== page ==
Chunking is an example of presenting information in a logical structure.  Herbert Simon showed that the ideal size for chunking letters and numbers, meaningful or not, was three.  This may be reflected in some countries to remember phone numbers as several chunks of three numbers with the final four-number group broken down into two groups of two.

For example, if presented with the string: FACMHDTIWNEB people are able to remember only a few items.  However, if the information is presented in the following way: FAC  MHD  TIW  NEB, people can remember many more letters.

The same method can be used with numbers. 177620011941 can be chunked into 1776  2001  1941 that represents twelve separate digits-well beyond most people’s capacity-but only three easily-remembered chunks.  In both examples, people are able to chunk the information into meaningful groups of letters or numbers.

The number example above demonstrates our limitations in remembering the number of items we can remember in order.  George A. Miller, when working at Bell Laboratories, showed that the capacity of short-term memory was 7±2 items, which was the title of one of the most highly cited papers in psychology, “The Magical Number Seven, Plus or Minus Two: Some Limits on Our Capacity for Processing Information” published in 1956 in Psychological Review.  With the opening sentence, “My problem, ladies and gentleman, is that I have been persecuted by an integer,” Miller suggests there is a fixed capacity for humans to receive information.  Miller’s hypothesis was seven (plus or minus two) was the magic number that characterized people’s memory performance on random list of letters, words, numbers, or almost any kind of meaningful familiar item.  Modern estimates of the capacity of short-term memory are lower, typically 4-5 items.  Beyond this capacity, new information can “bump” out other items from short-term memory, which is one form of forgetting.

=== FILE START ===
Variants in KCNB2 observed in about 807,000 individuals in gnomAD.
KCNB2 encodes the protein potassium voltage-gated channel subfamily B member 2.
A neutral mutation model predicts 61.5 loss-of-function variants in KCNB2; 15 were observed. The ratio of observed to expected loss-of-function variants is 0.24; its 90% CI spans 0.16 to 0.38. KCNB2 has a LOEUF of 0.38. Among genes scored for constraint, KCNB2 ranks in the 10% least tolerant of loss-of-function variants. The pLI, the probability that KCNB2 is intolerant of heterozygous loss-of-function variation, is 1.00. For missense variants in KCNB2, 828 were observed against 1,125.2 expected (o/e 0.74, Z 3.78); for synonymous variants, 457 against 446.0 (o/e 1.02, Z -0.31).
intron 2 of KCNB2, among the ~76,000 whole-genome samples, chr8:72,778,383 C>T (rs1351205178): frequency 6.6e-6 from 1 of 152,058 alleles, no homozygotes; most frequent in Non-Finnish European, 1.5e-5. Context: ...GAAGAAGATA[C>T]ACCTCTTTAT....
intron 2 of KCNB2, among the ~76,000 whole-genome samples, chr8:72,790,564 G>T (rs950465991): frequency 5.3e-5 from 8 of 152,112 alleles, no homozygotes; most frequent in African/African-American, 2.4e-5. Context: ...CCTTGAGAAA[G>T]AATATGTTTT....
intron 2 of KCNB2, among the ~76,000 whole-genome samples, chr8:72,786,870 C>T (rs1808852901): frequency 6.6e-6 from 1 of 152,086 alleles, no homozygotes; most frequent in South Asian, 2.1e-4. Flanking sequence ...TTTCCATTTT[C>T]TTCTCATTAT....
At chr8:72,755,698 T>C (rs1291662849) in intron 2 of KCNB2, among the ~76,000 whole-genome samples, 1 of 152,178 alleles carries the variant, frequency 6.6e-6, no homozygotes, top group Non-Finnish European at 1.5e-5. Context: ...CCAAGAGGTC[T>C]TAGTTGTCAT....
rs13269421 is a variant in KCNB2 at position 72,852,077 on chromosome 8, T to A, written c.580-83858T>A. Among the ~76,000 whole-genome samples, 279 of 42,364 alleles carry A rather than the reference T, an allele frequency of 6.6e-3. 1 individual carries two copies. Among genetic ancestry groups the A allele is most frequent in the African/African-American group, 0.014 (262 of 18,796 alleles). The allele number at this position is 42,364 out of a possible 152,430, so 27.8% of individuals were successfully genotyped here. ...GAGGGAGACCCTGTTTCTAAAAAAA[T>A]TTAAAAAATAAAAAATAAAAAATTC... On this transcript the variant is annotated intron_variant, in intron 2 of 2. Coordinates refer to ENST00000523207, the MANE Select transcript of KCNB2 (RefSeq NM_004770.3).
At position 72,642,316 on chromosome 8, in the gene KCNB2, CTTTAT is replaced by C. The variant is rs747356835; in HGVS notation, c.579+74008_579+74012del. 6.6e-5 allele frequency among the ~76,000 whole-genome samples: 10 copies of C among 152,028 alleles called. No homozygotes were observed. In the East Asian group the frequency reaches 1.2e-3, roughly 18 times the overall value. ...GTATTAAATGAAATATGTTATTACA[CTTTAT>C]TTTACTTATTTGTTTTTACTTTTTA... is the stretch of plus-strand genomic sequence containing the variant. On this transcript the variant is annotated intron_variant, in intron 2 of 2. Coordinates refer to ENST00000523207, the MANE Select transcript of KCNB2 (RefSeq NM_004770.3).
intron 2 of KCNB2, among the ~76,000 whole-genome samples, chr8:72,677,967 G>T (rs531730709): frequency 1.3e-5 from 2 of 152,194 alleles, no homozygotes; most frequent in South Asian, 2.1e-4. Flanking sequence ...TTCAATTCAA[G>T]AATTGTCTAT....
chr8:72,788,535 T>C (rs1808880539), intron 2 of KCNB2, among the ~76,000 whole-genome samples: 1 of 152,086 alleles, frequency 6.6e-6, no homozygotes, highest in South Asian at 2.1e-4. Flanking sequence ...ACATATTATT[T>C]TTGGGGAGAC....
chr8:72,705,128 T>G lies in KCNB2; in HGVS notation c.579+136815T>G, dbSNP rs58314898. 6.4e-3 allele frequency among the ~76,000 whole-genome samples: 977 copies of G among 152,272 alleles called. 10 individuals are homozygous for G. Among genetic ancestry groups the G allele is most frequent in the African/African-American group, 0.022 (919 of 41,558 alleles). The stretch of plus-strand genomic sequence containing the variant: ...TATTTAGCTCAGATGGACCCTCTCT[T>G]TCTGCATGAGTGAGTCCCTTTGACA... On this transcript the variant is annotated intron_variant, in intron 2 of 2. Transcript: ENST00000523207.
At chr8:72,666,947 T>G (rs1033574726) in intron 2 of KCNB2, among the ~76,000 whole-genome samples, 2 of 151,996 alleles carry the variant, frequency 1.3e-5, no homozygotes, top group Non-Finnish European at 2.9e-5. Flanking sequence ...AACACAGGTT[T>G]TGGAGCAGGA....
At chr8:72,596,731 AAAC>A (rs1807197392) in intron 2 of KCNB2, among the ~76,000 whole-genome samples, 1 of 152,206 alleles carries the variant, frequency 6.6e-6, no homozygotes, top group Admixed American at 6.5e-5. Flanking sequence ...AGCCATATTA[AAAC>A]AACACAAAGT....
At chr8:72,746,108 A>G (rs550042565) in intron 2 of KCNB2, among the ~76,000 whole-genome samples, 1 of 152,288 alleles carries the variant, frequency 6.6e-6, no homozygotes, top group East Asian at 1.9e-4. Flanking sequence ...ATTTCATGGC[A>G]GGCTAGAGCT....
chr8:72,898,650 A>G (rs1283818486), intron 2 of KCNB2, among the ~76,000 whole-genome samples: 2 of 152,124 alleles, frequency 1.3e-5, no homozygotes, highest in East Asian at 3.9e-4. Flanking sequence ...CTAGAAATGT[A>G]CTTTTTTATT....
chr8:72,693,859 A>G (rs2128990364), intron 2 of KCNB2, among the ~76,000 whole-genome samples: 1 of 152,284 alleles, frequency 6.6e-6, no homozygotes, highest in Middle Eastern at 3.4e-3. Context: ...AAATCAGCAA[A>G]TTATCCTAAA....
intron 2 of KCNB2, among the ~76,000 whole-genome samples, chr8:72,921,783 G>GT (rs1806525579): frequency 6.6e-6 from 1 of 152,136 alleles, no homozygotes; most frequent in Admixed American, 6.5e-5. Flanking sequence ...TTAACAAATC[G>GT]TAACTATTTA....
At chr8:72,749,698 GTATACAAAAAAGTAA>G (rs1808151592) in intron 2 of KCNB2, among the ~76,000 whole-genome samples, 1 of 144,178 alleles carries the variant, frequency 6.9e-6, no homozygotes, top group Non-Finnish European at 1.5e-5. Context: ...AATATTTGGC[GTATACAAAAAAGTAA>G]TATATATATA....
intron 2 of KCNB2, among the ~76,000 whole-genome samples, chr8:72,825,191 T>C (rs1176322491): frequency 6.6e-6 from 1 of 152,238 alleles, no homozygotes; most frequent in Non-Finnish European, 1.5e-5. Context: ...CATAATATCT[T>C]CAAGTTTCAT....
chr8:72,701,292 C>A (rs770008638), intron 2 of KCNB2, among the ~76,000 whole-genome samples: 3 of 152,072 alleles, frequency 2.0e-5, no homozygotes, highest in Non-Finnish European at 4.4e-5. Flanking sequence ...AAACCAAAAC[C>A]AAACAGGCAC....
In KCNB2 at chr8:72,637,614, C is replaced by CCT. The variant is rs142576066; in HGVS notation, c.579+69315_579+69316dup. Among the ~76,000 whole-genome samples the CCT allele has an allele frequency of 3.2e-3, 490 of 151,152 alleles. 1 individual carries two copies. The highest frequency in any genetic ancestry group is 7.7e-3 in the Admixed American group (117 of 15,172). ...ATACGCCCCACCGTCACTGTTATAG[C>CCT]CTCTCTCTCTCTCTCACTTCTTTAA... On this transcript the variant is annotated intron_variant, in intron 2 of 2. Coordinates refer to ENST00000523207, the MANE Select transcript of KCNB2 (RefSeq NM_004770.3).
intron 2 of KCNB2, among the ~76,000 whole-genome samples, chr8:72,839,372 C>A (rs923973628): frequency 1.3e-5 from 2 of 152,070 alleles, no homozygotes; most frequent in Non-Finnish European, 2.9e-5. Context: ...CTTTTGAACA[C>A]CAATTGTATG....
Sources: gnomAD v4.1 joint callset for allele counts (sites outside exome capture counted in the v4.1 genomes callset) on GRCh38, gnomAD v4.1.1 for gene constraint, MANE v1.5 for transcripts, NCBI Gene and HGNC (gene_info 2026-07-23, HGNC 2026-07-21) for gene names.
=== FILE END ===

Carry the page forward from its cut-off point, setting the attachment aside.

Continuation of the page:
7. Use real-world examples when introducing a topic or explaining material.

The more a learner focuses on the meaning of the presented information, the more elaborately the encoding is processed, - an obvious but often overlooked concept.

How does one communicate meaning in a way that improves learning?  Use relevant real-world examples embedded in the information, peppering main learning points with meaningful experiences.  The more personal an example, the more richly it becomes encoded and it is remembered.

The following experiment demonstrates this principle.  A group of students reads a 32-paragraph paper about a fictitious country in three different formats.  One contained no examples, one contained one example, and the third contained two or three consecutive examples of the main theme that followed.  The results were clear: the greater the number of examples in the paragraph, the more likely the information was to be remembered.

Why do examples work?  They take advantage of the brain’s natural predilection for pattern matching.  Information is more readily processed if it can be associated with information already present in the learner’s brain.  We compare two inputs, looking for similarities and differences as we encode the new information.  Providing examples is the cognitive equivalent of adding more door handles to the door.  Providing examples make the information more elaborate, more complex, and therefore better learned.

Another way to look at this concept concerns trying to drive a piece of information into your brain’s memory system - make sure you understand exactly what this information means.  When you are trying to drive information into someone else’s brain, make sure they know what it means.

But beware of the negative corollary.  If you don’t know what the information means, don’t try to memorize the information by rote and pray the meaning will somehow reveal itself.  And don’t expect your students will do this either.


8. Use compelling introductions when presenting material for the first time.